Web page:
Essentially, the big question is: can I write with such a freedom from everything I’ve been telling myself I need to do as a ‘writer’…from everything I’ve learned and decided to accept into my process and voice?
The honest truth is yes and no. At the time…within two months of having completed the workshop, I was high on all that I learned and on the influx of confidence I felt as a writer. When I wrote the manuscript about my Nonna…I did write with a new freedom. The freedom came in a quieting of my writer’s mind. I was able to clearly hear the words of the poetry. I was able to write with Kyo’s (Maclear, our group teacher) soft voice guiding me into a creative energy that was patient, kind and compassionate. This was a new part of my process – a part that I learned I could have because I attended the workshop and was able to begin this practice as I sat to table with our group.
Alas, I do still struggle very much with process…the voices in my head return at full volume and lead me away from clean writing. Clean writing – that is – writing with a quiet mind that is focused and kind to the words. In these last couple of months, life has been full with many writerly goings-on, but I have not given myself the gift of time to write cleanly. And I can feel it. It sits in my centre like an Indiana Jones-esque booby-trap boulder…about to drop and crush my writing soul…Dramatic, yes, but true.
If I let it go…and step (or run) away – will what’s left be ‘me’ anymore?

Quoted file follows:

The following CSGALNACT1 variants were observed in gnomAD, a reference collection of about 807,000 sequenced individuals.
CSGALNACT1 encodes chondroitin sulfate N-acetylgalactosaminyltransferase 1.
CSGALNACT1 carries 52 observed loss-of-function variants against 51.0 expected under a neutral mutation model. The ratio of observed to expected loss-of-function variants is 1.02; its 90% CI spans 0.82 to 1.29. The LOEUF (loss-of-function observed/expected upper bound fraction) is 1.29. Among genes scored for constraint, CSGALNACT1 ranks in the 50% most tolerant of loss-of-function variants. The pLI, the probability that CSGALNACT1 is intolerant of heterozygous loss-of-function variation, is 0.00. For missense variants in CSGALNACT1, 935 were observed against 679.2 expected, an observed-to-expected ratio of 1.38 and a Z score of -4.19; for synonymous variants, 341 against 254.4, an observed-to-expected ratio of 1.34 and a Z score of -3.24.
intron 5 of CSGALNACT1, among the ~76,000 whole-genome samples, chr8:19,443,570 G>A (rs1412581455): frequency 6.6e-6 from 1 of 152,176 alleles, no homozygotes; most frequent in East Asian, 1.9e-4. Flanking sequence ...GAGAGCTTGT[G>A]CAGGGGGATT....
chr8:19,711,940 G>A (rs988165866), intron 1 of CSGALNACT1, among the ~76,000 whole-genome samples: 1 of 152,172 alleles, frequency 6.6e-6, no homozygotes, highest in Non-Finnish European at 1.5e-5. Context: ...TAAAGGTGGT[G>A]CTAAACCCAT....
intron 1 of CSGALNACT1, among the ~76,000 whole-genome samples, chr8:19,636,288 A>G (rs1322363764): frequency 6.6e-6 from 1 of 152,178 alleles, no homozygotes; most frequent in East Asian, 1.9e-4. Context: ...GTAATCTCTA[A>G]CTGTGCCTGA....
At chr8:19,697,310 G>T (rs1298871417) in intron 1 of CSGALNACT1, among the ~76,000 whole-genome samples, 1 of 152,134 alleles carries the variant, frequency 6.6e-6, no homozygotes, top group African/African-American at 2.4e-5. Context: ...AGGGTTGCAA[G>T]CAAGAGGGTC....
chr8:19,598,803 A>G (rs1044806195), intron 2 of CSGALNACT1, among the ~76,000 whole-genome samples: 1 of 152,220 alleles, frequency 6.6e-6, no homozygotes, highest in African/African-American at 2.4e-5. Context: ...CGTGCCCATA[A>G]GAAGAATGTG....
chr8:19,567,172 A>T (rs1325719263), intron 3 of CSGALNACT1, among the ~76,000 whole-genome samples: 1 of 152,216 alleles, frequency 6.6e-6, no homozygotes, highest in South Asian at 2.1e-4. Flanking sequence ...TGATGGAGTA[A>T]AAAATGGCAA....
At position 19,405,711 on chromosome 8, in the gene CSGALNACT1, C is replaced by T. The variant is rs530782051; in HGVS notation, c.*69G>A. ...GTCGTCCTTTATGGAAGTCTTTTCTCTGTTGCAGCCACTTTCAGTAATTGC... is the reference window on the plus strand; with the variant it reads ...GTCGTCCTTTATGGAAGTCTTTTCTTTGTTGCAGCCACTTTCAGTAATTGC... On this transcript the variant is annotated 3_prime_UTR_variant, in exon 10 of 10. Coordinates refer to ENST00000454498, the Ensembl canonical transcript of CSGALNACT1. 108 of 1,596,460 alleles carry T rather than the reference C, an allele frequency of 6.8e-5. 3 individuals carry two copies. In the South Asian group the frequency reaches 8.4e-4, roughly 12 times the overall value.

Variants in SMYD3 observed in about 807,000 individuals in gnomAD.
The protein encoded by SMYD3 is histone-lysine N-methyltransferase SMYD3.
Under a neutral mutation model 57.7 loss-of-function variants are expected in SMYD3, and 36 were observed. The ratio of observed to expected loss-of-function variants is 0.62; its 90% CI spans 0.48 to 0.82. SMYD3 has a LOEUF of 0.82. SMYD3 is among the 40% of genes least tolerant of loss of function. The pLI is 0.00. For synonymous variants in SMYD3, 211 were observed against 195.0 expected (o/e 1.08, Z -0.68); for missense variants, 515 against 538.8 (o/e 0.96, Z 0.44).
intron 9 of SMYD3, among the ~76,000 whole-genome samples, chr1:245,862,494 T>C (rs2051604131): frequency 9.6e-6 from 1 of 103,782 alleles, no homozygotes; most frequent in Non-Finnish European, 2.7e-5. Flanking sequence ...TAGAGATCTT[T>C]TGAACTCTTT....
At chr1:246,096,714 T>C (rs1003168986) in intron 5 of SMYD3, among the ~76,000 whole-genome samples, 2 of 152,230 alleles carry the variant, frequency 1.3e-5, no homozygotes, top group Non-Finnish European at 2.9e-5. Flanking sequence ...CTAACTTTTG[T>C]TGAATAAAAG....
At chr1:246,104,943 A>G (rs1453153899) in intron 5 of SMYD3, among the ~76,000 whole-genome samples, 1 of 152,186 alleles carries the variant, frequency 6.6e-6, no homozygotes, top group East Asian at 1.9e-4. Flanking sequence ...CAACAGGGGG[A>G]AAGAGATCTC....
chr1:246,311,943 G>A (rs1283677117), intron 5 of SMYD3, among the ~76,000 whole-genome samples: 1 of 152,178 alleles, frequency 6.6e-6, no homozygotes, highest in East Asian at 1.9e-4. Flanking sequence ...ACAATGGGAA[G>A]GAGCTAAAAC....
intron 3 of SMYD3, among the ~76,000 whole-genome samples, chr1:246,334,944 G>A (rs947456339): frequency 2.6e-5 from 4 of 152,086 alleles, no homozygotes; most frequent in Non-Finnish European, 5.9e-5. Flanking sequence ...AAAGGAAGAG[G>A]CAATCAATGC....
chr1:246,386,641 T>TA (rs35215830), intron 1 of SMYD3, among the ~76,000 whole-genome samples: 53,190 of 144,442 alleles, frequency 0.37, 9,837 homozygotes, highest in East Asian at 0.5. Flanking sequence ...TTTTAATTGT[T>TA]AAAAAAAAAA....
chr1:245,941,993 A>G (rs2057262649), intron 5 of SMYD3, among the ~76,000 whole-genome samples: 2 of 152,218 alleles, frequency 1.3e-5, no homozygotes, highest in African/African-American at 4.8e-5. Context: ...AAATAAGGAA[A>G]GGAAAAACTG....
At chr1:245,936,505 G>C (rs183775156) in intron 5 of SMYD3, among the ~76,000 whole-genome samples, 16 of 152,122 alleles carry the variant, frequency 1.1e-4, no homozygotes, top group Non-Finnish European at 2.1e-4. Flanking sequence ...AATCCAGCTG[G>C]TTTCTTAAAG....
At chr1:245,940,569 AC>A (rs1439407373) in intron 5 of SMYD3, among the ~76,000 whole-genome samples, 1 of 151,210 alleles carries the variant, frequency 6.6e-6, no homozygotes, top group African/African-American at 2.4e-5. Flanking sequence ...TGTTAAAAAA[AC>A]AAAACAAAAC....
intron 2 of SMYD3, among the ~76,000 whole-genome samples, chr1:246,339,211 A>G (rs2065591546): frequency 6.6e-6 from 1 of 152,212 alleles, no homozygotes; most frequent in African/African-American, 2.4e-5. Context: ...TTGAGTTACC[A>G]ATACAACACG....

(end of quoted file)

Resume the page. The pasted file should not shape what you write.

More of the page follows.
Absolutely it is still ‘me’. What’s incredible about a writer’s process is that it is fluid…flexible…able to bend and stretch…able to shift and, wait for it – CHANGE. Letting go…giving yourself the possibility of newness in process or even genre of writing, is a benefit that doesn’t take away from ‘me’ but allows my writing to cultivate and bloom differently. That is all good for the writing.
How can I break the rules without losing part(s) of my creative heart?
One of the main take-aways from the workshop for me was ‘break the rules’. This pertains to my own writer’s process ‘rules’ that I’d been writing under for years as well as the big-picture/industry rules that are constantly slapping us around. Break. The. Rules. This means – step outside your creative comfort zone. This means shift your writing genre. This means play with structure. This means create a new way to tell a story. This means open your creative heart – and even if it breaks a little, it is still a necessary and beautiful expansion of your writing life. It is not a loss, but a gain in galavanting into new creative landscapes that may not have been discovered before. It is a re-inventing of the wheel. Why not? Why can’t it be?
When it comes to what I’m writing – the subject matter, the emotions, the truths, the lies…the history…the knowings and the fears, am I not also giving myself and the words a kind of permission to fly away from what ‘family’ is supposed to be/mean? That structure and form of human interaction?